First dual-core in 2005, then quad-core in 2007: the multi-core snowball is rolling. The desktop market is still trying to find out how to wield all this power; meanwhile, the server market is eagerly awaiting the octal-cores in 2009. The difference is that the server market has a real killer application, hungry for all that CPU power: virtualization.

While a lot has been written about the opportunities that virtualization brings (consolidation, hosting legacy applications, resource balancing, faster provisioning...), most publications about virtualization are rather vague about the "nuts and bolts". We talked to several hypervisor architects at VMWorld 2008. In this article, we'll delve a bit deeper as we look to understand the impact of virtualization on performance.

Performance? Isn't that a non-issue? Modern virtualization solutions surely do not lose more than a few percent in performance, right? We'll show you that the answer is quite a bit different from what some of the sponsored white papers want you to believe. We'll begin today with a look at the basics of virtualization, and we will continue to explore the subject in future articles over the coming months.

In this first article we discuss "hardware virtualization", i.e. the technology that makes it possible to offer several virtualized server such as VMware's ESX, Xen, and Windows 2008's Hyper-V. We recently provided an introduction to application virtualization using Thinstall, SoftGrid, and others software packages at our new IT portal, These articles are all about quantifying the performance of virtualized servers and understanding virtualization technologies a bit better.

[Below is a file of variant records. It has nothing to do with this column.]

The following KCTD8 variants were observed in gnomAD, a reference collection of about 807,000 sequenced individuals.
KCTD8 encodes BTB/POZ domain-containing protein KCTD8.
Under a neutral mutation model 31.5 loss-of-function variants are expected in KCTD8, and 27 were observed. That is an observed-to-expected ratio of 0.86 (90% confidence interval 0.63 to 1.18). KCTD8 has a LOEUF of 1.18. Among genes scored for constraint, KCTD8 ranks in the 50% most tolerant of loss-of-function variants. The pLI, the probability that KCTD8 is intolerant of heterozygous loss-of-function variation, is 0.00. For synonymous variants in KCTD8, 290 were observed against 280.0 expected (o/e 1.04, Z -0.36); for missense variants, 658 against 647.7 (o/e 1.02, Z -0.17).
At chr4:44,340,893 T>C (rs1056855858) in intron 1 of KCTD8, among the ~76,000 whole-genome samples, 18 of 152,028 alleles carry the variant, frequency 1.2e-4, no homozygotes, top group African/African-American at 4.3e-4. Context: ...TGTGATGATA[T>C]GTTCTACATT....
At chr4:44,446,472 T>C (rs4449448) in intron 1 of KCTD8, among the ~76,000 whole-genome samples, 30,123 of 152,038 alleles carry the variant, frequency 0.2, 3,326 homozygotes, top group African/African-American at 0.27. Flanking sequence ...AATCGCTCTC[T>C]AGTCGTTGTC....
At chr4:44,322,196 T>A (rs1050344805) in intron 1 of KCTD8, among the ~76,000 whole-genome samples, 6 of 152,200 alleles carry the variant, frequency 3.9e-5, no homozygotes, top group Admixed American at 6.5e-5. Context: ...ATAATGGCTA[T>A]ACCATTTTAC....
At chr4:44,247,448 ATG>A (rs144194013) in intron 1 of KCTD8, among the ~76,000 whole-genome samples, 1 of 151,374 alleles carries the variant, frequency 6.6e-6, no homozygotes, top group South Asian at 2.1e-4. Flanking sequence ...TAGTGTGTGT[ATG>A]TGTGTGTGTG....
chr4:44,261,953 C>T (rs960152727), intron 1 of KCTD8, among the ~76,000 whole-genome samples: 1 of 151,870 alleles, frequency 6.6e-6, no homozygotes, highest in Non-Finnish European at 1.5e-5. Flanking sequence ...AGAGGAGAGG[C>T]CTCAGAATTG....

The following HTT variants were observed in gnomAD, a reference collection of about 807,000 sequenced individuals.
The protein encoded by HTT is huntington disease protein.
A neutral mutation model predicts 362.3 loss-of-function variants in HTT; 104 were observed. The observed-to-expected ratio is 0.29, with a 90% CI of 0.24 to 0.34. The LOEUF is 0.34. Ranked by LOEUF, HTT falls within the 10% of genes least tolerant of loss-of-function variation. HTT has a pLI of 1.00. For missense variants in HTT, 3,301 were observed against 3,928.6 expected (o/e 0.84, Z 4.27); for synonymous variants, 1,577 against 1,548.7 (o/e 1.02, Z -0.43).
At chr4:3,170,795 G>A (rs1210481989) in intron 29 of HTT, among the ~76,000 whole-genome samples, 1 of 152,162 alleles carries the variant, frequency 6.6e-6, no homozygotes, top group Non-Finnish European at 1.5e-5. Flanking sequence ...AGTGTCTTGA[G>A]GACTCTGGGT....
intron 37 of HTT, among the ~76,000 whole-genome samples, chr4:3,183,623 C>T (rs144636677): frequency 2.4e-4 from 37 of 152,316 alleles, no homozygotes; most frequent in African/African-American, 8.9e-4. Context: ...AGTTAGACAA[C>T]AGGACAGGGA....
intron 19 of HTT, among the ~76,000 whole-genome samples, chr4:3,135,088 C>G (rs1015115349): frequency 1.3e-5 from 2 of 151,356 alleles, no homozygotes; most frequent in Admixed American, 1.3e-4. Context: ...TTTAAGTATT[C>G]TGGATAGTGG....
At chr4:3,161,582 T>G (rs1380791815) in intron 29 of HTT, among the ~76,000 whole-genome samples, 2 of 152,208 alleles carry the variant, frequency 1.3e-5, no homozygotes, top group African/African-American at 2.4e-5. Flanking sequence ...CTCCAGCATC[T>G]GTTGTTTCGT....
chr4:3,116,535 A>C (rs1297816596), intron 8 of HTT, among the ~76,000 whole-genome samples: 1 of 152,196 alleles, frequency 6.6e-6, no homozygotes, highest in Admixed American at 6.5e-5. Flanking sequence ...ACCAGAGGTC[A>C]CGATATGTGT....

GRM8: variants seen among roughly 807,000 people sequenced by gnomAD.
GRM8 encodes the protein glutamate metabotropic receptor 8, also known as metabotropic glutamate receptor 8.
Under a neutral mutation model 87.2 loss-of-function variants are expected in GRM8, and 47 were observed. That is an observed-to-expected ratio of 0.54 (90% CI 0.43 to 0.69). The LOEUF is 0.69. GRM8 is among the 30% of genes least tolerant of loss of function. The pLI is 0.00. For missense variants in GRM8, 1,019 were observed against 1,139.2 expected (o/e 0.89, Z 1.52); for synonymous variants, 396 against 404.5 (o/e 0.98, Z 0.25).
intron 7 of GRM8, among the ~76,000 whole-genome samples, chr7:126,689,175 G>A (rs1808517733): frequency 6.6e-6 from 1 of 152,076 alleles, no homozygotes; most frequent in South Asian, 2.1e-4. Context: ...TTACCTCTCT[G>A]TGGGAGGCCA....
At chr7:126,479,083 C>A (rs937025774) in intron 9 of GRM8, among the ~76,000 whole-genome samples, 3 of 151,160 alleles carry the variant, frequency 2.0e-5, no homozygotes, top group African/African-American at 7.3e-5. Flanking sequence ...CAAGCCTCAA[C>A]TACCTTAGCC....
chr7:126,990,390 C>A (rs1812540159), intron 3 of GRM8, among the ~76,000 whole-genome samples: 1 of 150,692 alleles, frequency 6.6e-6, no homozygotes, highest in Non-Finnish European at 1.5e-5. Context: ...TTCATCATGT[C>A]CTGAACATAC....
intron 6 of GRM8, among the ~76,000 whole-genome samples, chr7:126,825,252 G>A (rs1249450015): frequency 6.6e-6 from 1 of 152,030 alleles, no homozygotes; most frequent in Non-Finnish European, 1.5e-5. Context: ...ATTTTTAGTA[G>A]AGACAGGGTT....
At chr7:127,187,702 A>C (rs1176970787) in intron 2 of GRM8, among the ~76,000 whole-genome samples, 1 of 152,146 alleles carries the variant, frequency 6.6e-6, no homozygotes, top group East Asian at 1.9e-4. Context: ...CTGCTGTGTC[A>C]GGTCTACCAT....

Hardware or Machine Virtualization versus "Everyday" Virtualization

Every one of us has already used virtualization in some degree. In fact, most of us wouldn't be very productive without the virtualization that a modern OS offers us. A "natively running" server or workstation with a modern OS already virtualizes quite a few resources: memory, disks, and CPUs for example. For example, while there may only be only 4GB RAM in a Windows 2003 server, each of the tens of running application is given the illusion that they can use the full 2GB (or 3GB) user-mode address space. There might only be three disks in a RAID-5 array available, but as you have created 10 volumes (or LUNs), it appears as if there are 10 disks in the machine. Although there might only be two CPUs in the server, you get the impression that five actively running applications are all working in parallel at full speed.

So why do we install a hypervisor (or VMM) to make fully virtualized servers possible if we already have some degree of virtualization in our modern operating systems? Operating systems isolate the applications weakly by giving each process a well-defined memory space, separating data from instructions. At the same time, processes share the same files, may have access to some shared memory, and share the same OS configuration. In many situations, this kind of isolation was and is not sufficient. One process that takes up 100% of the CPU time may slow the other applications to snail speed for example, despite the fact that modern OSes use preemptive multitasking. In case of pure hardware virtualization, you will have completely separate virtual servers with their own OS (guest OS), and communication is only possible via a virtual network.

A Matter of Privileges
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